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Tuesday, April 15, 2014

Surprise - What's in the Box?

Any guesses as to what is in the box?

(Special delivery from across the pond)
It has come from across the Atlantic Ocean........ I am sure it travelled on planes, trains, and automobiles before it arrived safely at our door.

(The instructions remind me of Ikea, all photos)
I think the preceding picture pretty much gives away the answer if you look closely.  If not, the next picture certainly does.

(Oooh, some nice goodies in that box)
(Left side chequered tank pad)

That is right.  The coveted farkles have arrived.  How you ask, did they arrive at my door?  Well, let me explain.......... 

Once upon a time, in a land far, far away..........

I was contacted by a fellow moto-blogger who had (much to my surprise) purchased the chequered tank pad set for me after reading my Coveted Farkle Post.

We exchanged several emails and then DHL visited us just after we got home yesterday and made the special delivery.  The set is better than I imagined it would be, and seems to be a high quality heavy duty molded vinyl.

Now this gentleman, who I shall refer to as MB for 'Moto-Blogger' and/or 'Mysterious Benefactor' (since he would like to remain anonymous), went out of his way to provide me with this special surprise.  It was unexpected and is much appreciated.

He would not let me reimburse him for the price of the goods or shipping, but luckily he will let me treat him to a meal or two if he ever decides to come to the USA, or we hop a plane across the pond for a visit.  Just know MB, how touched I am you did this for me.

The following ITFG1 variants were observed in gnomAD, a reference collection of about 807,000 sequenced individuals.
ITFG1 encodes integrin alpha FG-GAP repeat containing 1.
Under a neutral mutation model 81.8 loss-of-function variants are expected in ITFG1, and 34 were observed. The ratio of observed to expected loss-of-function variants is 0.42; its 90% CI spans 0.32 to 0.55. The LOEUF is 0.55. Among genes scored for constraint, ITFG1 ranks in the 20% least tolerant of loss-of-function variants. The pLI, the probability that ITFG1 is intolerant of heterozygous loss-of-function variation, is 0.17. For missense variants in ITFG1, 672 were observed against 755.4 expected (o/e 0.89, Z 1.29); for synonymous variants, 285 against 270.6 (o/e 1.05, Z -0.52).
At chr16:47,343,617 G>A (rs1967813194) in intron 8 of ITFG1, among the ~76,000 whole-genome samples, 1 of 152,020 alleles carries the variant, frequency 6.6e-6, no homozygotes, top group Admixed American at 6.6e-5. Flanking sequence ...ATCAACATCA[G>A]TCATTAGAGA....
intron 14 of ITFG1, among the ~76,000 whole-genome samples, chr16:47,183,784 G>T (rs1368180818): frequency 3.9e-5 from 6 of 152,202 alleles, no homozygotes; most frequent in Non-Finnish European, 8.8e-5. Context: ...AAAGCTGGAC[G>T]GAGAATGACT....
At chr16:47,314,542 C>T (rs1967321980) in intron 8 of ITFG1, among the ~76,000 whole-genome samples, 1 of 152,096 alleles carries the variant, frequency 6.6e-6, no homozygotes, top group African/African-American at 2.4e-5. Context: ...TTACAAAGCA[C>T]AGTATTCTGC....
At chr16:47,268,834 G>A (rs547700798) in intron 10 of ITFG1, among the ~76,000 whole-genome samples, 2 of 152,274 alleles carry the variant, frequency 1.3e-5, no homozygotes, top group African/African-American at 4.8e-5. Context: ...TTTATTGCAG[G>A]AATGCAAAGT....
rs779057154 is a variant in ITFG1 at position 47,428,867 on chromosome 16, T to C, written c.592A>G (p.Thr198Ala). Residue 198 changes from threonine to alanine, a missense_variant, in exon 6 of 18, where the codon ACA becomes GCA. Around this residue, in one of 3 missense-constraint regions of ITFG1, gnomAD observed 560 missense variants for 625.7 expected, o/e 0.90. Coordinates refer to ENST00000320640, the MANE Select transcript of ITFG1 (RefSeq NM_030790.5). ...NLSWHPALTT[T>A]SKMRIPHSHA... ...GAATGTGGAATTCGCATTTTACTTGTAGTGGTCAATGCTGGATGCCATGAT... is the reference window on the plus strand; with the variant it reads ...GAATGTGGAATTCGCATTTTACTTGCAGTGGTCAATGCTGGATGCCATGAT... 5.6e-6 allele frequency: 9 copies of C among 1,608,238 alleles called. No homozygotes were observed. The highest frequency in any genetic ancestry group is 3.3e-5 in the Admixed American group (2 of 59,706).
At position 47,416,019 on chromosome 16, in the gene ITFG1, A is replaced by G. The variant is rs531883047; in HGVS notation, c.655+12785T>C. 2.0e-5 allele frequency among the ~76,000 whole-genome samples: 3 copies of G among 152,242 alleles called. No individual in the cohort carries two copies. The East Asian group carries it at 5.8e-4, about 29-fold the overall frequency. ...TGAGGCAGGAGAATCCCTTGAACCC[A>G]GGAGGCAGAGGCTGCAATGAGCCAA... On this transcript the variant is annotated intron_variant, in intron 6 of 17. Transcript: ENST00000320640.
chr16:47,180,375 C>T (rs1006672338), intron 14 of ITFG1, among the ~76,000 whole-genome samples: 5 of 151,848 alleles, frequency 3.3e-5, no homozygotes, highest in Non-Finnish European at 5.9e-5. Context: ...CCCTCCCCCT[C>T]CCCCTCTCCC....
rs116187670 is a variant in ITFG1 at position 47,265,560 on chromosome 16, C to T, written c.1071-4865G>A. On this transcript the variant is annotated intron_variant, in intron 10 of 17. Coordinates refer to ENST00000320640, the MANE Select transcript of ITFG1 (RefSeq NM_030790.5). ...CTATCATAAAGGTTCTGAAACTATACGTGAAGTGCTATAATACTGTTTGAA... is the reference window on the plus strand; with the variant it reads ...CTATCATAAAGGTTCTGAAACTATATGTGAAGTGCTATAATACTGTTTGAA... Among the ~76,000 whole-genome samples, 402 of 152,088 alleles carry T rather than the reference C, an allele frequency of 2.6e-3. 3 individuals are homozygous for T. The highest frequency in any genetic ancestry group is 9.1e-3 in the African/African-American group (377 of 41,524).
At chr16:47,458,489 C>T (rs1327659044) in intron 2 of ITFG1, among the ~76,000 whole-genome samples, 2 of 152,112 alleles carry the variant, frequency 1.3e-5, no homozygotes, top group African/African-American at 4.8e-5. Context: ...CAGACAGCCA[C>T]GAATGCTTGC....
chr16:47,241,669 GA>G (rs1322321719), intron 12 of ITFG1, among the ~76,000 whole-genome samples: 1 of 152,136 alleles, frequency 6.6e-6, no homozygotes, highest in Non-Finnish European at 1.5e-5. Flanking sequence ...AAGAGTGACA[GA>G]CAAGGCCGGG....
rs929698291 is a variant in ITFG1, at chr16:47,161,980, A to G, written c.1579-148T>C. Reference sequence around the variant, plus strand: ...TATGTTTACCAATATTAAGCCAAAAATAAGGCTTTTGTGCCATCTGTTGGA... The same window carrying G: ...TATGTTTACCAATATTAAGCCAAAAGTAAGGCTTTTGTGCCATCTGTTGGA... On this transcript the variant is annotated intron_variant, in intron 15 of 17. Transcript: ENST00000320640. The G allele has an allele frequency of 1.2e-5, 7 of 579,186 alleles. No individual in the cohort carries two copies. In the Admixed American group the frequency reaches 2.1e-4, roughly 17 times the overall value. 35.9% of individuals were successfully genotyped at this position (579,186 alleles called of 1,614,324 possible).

The internet truly does make the world a little smaller and even though I have never met MB in person, I believe it is as Bobskoot always says: "There are no strangers, just friends we have not yet met."

I will do a more detailed post after the installation. It looks fairly easy; just a matter of cleaning the parts and mixing a solution to spray on before adhering.  I can't ride it for 24 hours after application so we will have to do it prior to Friday morning so I can ride it to coffee on Saturday.

- Au Revoir

" There is magic in long-distance friendships.  They let you relate to other human beings in a way that goes beyond being physically together and is often more profound." - Diana Cortes 
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Wednesday, April 9, 2014

A Wuzzle Bee and Garden Art

No moto related content in this post, but I wanted to share a few pictures I took on Friday afternoon.

WUZZLE BEE 
(aka Huge Bumblebee, aka B-52s)

We had a spell of unexpected sunshine and I was out on the deck and noticed a huge bumble bee sipping up the nectar from a few flowers waiting to be planted.   I quickly jaunted inside to grab the camera and hoped he would still be there when I returned.  He was.  It looked like he was having his own little garden party as he buzzed along from flower to flower.  






GARDEN ART

A weekend or so ago we decided to re-vamp a shrub bed by the back deck.  A few plants died over the winter and the old white lattice we'd had hanging on a small pergola had seen better days. With a little recycle, reuse mentality and a few can of spray paint we got in touch with our creative sides.

An old steel trellised gazebo was dismantled years ago and we'd saved the corner panels.  We took the panels and spray painted 4 of the 8 different colors and hung them from the pergola, then planted some evergreen clematis at the base of the two posts.

Voila functional garden art........



I really should have tidied up a bit before taking the pics, but oh well.

We still have 4 panels left and we are now debating painting them and hanging them from the sides of the large pergola with the swing at the back of the yard.  A little continuity to the yard and also some privacy when the vines grow through them.

Has it been warm enough in your neck of the woods for any garden puttering yet?